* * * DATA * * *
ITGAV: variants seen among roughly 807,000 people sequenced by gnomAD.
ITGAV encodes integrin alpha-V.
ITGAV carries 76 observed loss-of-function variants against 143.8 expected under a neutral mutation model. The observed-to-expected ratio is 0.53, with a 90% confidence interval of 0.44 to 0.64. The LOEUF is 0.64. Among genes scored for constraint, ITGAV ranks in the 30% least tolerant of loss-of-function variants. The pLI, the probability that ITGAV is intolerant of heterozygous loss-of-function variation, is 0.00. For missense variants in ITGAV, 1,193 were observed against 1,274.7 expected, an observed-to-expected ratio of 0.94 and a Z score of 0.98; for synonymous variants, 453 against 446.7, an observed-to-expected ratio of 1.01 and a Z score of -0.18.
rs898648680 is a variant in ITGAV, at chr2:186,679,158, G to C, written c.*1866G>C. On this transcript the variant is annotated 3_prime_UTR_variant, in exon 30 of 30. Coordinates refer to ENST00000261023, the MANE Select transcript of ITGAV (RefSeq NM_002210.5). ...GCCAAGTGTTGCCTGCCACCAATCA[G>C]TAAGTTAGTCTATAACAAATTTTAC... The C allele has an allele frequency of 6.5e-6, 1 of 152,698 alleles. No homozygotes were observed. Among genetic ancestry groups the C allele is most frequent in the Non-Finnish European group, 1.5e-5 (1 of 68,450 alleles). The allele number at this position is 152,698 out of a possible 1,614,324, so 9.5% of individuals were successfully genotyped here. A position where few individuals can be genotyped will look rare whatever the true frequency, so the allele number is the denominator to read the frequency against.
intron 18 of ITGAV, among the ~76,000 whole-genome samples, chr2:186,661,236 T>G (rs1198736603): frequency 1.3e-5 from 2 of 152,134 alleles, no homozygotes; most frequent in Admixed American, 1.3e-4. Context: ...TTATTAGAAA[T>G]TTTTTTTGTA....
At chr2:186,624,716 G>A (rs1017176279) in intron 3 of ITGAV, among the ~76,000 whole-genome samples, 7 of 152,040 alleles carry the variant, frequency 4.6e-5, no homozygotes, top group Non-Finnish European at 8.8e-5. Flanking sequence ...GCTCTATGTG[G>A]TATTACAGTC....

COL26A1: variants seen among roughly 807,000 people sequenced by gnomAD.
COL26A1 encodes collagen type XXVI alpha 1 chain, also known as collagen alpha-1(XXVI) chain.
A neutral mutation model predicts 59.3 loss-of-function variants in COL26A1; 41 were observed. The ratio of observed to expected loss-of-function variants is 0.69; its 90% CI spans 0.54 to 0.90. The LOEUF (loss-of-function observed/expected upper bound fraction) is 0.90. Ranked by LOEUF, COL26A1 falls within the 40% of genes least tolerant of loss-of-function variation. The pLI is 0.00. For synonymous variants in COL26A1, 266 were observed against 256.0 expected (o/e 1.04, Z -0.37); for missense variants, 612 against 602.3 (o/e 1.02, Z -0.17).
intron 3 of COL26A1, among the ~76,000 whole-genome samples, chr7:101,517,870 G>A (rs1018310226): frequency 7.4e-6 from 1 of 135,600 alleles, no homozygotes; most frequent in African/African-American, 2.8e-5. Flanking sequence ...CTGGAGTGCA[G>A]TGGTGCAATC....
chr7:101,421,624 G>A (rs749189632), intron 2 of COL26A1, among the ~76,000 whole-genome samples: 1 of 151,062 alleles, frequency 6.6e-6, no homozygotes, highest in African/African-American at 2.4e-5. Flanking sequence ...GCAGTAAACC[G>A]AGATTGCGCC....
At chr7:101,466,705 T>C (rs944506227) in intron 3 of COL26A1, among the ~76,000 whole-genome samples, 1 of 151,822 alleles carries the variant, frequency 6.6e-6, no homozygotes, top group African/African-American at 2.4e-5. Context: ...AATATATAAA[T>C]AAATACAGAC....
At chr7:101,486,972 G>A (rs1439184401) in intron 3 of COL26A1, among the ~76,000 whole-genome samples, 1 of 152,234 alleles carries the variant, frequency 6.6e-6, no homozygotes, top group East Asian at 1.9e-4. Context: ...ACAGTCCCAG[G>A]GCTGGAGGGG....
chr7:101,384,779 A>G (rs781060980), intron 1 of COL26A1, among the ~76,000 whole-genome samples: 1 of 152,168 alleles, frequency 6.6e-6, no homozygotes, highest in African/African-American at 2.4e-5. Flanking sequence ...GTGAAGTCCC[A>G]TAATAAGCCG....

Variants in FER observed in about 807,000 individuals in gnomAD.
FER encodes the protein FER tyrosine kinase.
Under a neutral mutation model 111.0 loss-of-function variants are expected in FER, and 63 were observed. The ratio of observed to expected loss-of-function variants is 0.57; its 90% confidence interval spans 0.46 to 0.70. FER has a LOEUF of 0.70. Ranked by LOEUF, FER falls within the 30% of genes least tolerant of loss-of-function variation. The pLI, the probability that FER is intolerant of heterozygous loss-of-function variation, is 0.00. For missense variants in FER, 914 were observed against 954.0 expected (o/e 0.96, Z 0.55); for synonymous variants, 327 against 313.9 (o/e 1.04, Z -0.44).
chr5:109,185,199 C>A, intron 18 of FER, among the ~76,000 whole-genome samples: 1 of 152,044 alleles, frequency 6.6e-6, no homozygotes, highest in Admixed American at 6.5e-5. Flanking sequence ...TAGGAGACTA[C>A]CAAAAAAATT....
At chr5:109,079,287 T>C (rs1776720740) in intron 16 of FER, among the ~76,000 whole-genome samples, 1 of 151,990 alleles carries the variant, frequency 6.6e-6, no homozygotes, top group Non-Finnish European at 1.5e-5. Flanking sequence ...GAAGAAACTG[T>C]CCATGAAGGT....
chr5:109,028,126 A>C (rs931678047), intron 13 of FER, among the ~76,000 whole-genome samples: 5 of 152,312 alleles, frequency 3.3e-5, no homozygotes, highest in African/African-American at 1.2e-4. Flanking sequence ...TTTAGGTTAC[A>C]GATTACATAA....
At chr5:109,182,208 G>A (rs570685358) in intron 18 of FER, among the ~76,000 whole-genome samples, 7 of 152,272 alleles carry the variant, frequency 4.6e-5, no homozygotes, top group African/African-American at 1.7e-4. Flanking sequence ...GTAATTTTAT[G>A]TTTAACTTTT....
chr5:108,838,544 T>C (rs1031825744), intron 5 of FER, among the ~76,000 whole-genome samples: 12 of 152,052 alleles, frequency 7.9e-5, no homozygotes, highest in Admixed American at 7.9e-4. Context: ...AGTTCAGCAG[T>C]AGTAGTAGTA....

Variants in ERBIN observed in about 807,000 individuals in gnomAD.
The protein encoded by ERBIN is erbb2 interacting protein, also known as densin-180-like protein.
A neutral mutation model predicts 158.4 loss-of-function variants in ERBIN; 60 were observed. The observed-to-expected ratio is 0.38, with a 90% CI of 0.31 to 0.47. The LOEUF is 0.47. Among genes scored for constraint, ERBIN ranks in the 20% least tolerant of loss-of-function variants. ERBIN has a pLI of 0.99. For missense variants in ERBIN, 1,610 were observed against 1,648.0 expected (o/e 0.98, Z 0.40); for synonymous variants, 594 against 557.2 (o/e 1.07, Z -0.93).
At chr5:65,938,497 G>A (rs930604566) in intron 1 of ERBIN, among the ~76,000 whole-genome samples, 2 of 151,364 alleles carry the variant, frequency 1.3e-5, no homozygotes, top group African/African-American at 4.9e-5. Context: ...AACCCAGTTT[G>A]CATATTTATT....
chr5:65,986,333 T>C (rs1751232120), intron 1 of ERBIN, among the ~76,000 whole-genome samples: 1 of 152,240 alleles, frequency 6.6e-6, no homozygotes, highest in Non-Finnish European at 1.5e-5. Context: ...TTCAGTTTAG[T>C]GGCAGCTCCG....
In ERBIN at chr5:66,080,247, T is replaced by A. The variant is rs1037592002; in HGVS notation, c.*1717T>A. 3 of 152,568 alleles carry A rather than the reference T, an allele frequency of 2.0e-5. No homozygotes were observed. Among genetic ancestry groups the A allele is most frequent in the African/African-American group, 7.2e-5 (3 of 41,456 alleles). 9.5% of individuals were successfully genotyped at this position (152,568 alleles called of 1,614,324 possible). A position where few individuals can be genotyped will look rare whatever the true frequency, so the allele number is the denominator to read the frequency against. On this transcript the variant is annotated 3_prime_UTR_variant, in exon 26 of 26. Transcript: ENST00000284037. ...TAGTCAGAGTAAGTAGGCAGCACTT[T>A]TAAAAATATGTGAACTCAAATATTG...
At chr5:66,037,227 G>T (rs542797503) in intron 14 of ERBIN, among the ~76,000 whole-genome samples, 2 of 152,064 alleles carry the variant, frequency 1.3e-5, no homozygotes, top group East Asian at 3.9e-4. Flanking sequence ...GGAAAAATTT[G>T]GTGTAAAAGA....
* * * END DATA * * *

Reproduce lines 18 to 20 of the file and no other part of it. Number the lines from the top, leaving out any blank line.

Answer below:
chr5:109,185,199 C>A, intron 18 of FER, among the ~76,000 whole-genome samples: 1 of 152,044 alleles, frequency 6.6e-6, no homozygotes, highest in Admixed American at 6.5e-5. Flanking sequence ...TAGGAGACTA[C>A]CAAAAAAATT....
At chr5:109,079,287 T>C (rs1776720740) in intron 16 of FER, among the ~76,000 whole-genome samples, 1 of 151,990 alleles carries the variant, frequency 6.6e-6, no homozygotes, top group Non-Finnish European at 1.5e-5. Flanking sequence ...GAAGAAACTG[T>C]CCATGAAGGT....
chr5:109,028,126 A>C (rs931678047), intron 13 of FER, among the ~76,000 whole-genome samples: 5 of 152,312 alleles, frequency 3.3e-5, no homozygotes, highest in African/African-American at 1.2e-4. Flanking sequence ...TTTAGGTTAC[A>C]GATTACATAA....